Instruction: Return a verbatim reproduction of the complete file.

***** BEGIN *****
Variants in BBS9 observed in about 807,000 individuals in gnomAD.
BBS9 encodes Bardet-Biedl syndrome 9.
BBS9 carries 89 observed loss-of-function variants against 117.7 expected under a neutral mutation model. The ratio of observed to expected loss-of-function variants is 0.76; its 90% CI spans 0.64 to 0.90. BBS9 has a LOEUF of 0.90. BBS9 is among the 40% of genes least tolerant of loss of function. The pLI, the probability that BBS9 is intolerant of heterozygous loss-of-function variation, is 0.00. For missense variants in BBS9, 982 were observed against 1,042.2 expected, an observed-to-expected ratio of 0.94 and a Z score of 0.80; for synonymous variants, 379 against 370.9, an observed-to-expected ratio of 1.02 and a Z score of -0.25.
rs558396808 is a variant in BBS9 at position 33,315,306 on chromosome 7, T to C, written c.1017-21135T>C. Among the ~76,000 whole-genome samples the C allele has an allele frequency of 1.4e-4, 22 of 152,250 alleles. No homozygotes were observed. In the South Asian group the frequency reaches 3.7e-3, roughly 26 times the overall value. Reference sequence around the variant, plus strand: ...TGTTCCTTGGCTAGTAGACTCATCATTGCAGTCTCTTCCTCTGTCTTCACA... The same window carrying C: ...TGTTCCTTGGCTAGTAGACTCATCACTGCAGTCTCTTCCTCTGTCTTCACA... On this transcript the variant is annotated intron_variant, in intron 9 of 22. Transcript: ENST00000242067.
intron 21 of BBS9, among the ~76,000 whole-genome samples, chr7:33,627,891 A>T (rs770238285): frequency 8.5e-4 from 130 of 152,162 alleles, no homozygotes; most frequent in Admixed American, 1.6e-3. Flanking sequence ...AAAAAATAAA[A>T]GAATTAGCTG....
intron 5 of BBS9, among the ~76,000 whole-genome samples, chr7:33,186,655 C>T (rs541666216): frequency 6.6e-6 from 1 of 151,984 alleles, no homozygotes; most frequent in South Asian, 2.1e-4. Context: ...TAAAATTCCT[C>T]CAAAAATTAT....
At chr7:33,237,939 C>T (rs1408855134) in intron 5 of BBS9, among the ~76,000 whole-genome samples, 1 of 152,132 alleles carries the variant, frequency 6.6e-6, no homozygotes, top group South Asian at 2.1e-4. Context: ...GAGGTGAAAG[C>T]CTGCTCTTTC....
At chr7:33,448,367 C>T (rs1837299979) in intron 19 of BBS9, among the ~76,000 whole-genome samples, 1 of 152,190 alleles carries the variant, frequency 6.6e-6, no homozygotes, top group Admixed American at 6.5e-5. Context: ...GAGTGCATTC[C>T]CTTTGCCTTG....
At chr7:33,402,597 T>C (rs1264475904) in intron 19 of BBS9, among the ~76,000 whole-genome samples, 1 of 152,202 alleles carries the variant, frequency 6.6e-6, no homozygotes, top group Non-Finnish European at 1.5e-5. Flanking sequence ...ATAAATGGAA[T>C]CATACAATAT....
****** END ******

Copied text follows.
Variants in BBS9 observed in about 807,000 individuals in gnomAD.
BBS9 encodes Bardet-Biedl syndrome 9.
BBS9 carries 89 observed loss-of-function variants against 117.7 expected under a neutral mutation model. The ratio of observed to expected loss-of-function variants is 0.76; its 90% CI spans 0.64 to 0.90. BBS9 has a LOEUF of 0.90. BBS9 is among the 40% of genes least tolerant of loss of function. The pLI, the probability that BBS9 is intolerant of heterozygous loss-of-function variation, is 0.00. For missense variants in BBS9, 982 were observed against 1,042.2 expected, an observed-to-expected ratio of 0.94 and a Z score of 0.80; for synonymous variants, 379 against 370.9, an observed-to-expected ratio of 1.02 and a Z score of -0.25.
rs558396808 is a variant in BBS9 at position 33,315,306 on chromosome 7, T to C, written c.1017-21135T>C. Among the ~76,000 whole-genome samples the C allele has an allele frequency of 1.4e-4, 22 of 152,250 alleles. No homozygotes were observed. In the South Asian group the frequency reaches 3.7e-3, roughly 26 times the overall value. Reference sequence around the variant, plus strand: ...TGTTCCTTGGCTAGTAGACTCATCATTGCAGTCTCTTCCTCTGTCTTCACA... The same window carrying C: ...TGTTCCTTGGCTAGTAGACTCATCACTGCAGTCTCTTCCTCTGTCTTCACA... On this transcript the variant is annotated intron_variant, in intron 9 of 22. Transcript: ENST00000242067.
intron 21 of BBS9, among the ~76,000 whole-genome samples, chr7:33,627,891 A>T (rs770238285): frequency 8.5e-4 from 130 of 152,162 alleles, no homozygotes; most frequent in Admixed American, 1.6e-3. Flanking sequence ...AAAAAATAAA[A>T]GAATTAGCTG....
intron 5 of BBS9, among the ~76,000 whole-genome samples, chr7:33,186,655 C>T (rs541666216): frequency 6.6e-6 from 1 of 151,984 alleles, no homozygotes; most frequent in South Asian, 2.1e-4. Context: ...TAAAATTCCT[C>T]CAAAAATTAT....
At chr7:33,237,939 C>T (rs1408855134) in intron 5 of BBS9, among the ~76,000 whole-genome samples, 1 of 152,132 alleles carries the variant, frequency 6.6e-6, no homozygotes, top group South Asian at 2.1e-4. Context: ...GAGGTGAAAG[C>T]CTGCTCTTTC....
At chr7:33,448,367 C>T (rs1837299979) in intron 19 of BBS9, among the ~76,000 whole-genome samples, 1 of 152,190 alleles carries the variant, frequency 6.6e-6, no homozygotes, top group Admixed American at 6.5e-5. Context: ...GAGTGCATTC[C>T]CTTTGCCTTG....
At chr7:33,402,597 T>C (rs1264475904) in intron 19 of BBS9, among the ~76,000 whole-genome samples, 1 of 152,202 alleles carries the variant, frequency 6.6e-6, no homozygotes, top group Non-Finnish European at 1.5e-5. Flanking sequence ...ATAAATGGAA[T>C]CATACAATAT....